Sarcopenia is defined as an age-related disease of low muscle mass and low muscle strength or function. It is of increasing clinical importance due to growing evidence of its health implications and the increasing proportion of older people in the population.
Sarcopenia has been associated with an increased risk and rate of falls, fractures, functional impairment, metabolic syndrome, hospital admission and readmission, poorer prognosis in cancer and liver cirrhosis, surgical morbidity and all-cause mortality. The clinical significance of sarcopenia as a distinct disease entity was established with the assignment of an International Classification of Diseases.
Figure 1 illustrates the steps involved in assessing for the presence of sarcopenia. In a presentation with poor physical function determine if weakness is present. If so, is there low muscle mass that is the cause? If so then this is the likely cause of weakness ie sarcopenia? If either weakness or low muscle mass is not present, assess for other possible causes.
Risk factors and clinical consequences
There is a complex interaction between muscle and bone. The main theory uniting sarcopenia and osteoporosis pathogenesis is the replacement of muscle and bone by adipose tissue with ageing. Poor muscle mass and function is associated with poor bone mass with the overlap between these two conditions called “osteosarcopenia”. Low muscle mass results in reduced muscle strength and function and high falls risk and consequent fracture risk due to poor bone mass (osteopenia or osteoporosis). The consequences are significant for morbidity, mortality, independent function and quality of life.
There are a few international definitions and cut offs for the definition of sarcopenia. A practical algorithm for the assessment of sarcopenia utilises gait speed (physical function), hand grip strength and muscle mass. Grip strength is measured using a hand dynamometer and muscle mass can be measured using DEXA (not HIC funded). Alternative and less readily available assessments include bioimpedence analysis, CT and MRI based muscle mass assessments.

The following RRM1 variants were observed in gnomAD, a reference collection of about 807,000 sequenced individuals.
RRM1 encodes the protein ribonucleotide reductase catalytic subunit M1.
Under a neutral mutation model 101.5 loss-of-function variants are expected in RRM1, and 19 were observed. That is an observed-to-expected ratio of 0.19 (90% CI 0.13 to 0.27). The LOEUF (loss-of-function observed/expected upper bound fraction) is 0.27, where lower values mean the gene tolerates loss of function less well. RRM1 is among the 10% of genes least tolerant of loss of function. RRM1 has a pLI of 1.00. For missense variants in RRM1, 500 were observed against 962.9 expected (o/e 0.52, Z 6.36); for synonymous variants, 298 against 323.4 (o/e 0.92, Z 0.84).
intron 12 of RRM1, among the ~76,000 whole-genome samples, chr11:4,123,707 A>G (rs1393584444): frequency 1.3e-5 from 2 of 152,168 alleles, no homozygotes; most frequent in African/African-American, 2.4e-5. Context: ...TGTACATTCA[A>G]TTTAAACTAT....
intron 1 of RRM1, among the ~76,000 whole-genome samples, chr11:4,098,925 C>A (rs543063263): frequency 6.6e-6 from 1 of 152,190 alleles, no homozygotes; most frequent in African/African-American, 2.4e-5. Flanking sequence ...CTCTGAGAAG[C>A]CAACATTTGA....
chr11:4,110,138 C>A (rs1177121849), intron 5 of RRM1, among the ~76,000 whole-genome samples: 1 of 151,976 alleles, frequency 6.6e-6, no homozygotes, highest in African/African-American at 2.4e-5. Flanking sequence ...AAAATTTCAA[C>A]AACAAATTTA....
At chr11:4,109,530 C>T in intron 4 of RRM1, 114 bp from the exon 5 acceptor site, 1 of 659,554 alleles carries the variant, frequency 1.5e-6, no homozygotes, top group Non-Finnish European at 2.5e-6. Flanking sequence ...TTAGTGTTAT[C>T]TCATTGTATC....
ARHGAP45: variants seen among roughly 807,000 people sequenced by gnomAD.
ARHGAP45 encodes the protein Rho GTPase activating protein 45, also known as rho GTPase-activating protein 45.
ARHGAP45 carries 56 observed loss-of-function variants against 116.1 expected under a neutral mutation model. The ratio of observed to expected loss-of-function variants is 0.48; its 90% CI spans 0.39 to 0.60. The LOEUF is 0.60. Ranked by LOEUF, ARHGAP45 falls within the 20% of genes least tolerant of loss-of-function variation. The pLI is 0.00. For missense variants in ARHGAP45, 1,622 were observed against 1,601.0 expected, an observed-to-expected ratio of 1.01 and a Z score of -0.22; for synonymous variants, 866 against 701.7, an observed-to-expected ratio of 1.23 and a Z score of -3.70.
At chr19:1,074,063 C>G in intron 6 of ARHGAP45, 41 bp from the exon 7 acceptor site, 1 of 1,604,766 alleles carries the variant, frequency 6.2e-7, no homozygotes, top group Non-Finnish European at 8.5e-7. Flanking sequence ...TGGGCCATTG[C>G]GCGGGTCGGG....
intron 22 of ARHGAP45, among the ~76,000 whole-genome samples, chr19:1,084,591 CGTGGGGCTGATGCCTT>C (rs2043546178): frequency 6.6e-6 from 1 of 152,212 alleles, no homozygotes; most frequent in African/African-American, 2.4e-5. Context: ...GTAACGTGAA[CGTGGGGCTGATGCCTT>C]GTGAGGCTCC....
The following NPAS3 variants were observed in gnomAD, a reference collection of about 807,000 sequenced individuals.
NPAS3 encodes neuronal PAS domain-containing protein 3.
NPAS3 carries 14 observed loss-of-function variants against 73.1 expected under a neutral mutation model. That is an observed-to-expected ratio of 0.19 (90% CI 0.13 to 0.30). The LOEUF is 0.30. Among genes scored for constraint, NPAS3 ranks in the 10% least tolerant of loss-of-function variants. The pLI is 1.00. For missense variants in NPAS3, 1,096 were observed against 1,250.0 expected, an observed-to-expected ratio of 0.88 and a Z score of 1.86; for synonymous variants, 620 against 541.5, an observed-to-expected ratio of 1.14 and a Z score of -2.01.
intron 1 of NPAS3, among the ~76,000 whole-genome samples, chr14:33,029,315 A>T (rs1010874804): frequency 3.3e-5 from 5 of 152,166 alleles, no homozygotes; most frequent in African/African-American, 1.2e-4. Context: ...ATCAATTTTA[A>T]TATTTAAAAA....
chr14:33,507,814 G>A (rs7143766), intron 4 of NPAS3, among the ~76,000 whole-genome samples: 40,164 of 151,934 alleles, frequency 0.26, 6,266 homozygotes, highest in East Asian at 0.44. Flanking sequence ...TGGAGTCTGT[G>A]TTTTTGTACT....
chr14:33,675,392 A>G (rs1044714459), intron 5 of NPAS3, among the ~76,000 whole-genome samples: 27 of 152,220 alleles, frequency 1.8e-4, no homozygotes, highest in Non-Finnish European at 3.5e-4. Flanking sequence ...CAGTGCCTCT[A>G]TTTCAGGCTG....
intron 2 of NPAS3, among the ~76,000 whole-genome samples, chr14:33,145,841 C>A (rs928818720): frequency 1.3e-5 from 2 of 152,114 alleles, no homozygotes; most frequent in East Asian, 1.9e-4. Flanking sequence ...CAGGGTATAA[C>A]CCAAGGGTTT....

Management is problematic. There is little evidence but significant ongoing research in this area. The main components are non-pharmacological . This includes optimising such as nutrition especially adequate protein intake, regular and escalating exercise programs at least three times per week and escalating intensity (weight bearing and resistance), minimising falls risk and addressing underlying associated osteoporosis risk to reduce fracture risk.
Potential pharmacological treatment thus far has not been promising. There is ongoing research into the roles of Vitamin D (anabolic), Monoclonal Myostatin antibodies, IGF1, Androgen Receptor – Testosterone and Selective Androgen Receptor Modulators (SARMS), and soluble ACTRRIIB-FC Fusion protein to block ACTRIIB to promote muscle hypertrophy (animal studies only). Time will tell.
- Sarcopenia and osteoporosis are commonly associated with a frail, ageing population
- The consequences are significant including falls and fractures resulting in significant morbidity, mortality, loss of function and quality of life.
- Early identification and management strategies (prevention) is the most useful strategy until we discover effective pharmacological measures.
– References on request
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Author competing interests: Nil.
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